In Old Testament times, the Israelites understood the power behind a name. Whether there was actual spiritual blessing or power imparted through a God-given name, or whether the names given simply powerfully influenced the thoughts and beliefs of persons about themselves, the names of the Old Testament characters in many ways predicted or foreshadowed important characteristics or the roles that they would play. “Hephzibah” is found twice in the Old Testament, 2 Kings 21:1 and Isaiah 62:4. Translated from the original Hebrew, Hephzibah literally means, “My delight is in her.” In 2 Kings 21:1, Hephzibah is the name of King Hezekiah’s wife. The name Hephzibah or Hafzbah expresses a very clear idea. Since the same root hafz means "guarding" or "taking care of," all words from this root suggest the idea of "safeguarding," and therefore the name Hephzibah means not only someone who evokes delight, but also "one who is guarded," a "protected one."
The more enigmatic use of the term can be found in Isaiah 62:4: “No longer will they call you Deserted, or name your land Desolate. But you will be called Hephzibah, and your land Beulah; for the LORD will take delight in you, and your land will be married.” In this passage, God is speaking to the nation of Israel, who had turned from a monotheistic worship of the one, true God to a mishmash of idolatry, including worship of the Baals and Ashtoreth, in combination with worship of God. Because of this “adultery,” God turned from Israel, and the Northern Kingdom was invaded by the Assyrians in 732 BC, which resulted in the loss of the northern territory surrounding the Sea of Galilee. In 722 BC, the Samarian area fell to Assyria, resulting in the deportation of vast numbers of the Israelites to other parts of the Assyrian Empire.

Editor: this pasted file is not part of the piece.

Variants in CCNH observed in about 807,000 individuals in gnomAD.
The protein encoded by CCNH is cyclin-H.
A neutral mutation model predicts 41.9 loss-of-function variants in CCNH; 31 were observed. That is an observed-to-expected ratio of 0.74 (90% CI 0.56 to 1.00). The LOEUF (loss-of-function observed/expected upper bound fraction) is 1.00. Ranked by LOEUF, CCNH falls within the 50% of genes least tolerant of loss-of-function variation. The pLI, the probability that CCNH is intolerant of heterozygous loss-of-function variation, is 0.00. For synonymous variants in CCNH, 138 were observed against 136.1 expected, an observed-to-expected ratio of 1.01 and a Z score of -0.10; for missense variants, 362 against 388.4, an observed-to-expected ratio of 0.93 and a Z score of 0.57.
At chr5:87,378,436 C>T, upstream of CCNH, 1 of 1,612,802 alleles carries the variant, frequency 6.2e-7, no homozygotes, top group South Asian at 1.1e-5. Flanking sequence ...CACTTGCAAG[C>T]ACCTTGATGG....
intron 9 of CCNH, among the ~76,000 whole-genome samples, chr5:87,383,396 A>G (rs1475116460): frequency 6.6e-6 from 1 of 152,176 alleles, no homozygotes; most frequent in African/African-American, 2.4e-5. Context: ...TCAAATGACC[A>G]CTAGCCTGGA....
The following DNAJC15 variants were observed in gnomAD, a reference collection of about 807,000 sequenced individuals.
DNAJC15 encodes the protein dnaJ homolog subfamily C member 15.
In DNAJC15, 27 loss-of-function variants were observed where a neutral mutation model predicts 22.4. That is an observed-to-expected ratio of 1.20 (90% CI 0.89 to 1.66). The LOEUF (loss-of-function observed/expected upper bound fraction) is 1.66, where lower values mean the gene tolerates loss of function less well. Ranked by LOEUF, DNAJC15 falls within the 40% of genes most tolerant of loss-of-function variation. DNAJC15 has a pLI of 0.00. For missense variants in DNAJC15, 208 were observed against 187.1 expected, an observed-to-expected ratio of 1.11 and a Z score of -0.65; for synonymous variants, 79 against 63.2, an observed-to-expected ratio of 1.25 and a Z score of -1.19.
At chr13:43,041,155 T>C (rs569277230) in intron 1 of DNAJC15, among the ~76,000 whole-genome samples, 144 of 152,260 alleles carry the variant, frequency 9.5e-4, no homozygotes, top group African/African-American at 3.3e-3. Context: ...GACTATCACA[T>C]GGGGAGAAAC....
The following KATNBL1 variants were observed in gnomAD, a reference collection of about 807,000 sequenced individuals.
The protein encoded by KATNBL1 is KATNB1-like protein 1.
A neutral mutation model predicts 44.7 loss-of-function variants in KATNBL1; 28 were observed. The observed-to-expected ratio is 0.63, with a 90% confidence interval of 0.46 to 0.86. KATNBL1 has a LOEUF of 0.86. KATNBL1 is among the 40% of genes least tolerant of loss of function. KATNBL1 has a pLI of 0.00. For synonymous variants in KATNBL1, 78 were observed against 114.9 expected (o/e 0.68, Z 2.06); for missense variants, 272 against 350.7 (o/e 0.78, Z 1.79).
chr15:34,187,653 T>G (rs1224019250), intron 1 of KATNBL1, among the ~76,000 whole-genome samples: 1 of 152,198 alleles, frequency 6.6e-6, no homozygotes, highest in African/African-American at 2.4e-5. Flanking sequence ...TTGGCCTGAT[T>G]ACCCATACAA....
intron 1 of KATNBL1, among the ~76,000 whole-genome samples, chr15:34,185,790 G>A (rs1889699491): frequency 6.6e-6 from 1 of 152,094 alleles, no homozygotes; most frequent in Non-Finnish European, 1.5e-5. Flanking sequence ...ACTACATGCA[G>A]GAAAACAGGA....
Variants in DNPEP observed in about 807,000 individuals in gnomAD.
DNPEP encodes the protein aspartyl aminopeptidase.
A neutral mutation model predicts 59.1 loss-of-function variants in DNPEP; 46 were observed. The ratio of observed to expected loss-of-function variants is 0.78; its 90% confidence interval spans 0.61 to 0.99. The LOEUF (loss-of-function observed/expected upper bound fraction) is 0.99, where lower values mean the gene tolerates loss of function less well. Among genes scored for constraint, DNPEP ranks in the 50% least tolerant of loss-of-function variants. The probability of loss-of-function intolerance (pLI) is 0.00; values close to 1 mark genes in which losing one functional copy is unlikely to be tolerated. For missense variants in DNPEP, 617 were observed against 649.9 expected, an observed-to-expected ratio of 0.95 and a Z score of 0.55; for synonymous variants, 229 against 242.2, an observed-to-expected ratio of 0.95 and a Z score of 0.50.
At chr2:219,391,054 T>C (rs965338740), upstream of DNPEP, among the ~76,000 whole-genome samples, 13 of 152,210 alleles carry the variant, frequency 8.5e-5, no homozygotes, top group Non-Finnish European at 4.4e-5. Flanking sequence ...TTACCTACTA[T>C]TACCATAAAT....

Isaiah 62:4 is a message of hope to the nation of Israel. God plans to change its name from Deserted and Desolate to Hephzibah and Beulah. Beulah means “married.” When God changes a name in the Bible, it conveys transformation, a second chance, and a new beginning. This passage promises the restoration of Israel to a place of favor and protection in God’s sight. Through this passage, the whole world knows that God finds delight in Israel and is married to her. He will no longer forsake His people. The Lord has sworn to never again allow a conqueror to overcome Israel, and Israel will exist in a sanctuary of safety.
Israel would prepare the way for all those to come to receive the Lord’s salvation. Ultimately through Israel, Jesus came bringing His reward and recompense, fulfilling the Old Testament prophetic passages for the Messiah. Israel will be called “the Holy People, the Redeemed of the LORD; and you will be called Sought After, the City No Longer Deserted” (Isaiah 62:12). Since its rebirth in 1948, the nation of Israel has survived despite the fact that it is totally surrounded by enemies sworn to its destruction. For those familiar with Isaiah 62:4, however, the persistence of Israel should come as no surprise. The message of hope to the nation of Israel is ultimately a message of hope to all mankind, for from Israel comes the hope of the ages, the Messiah, Jesus Christ.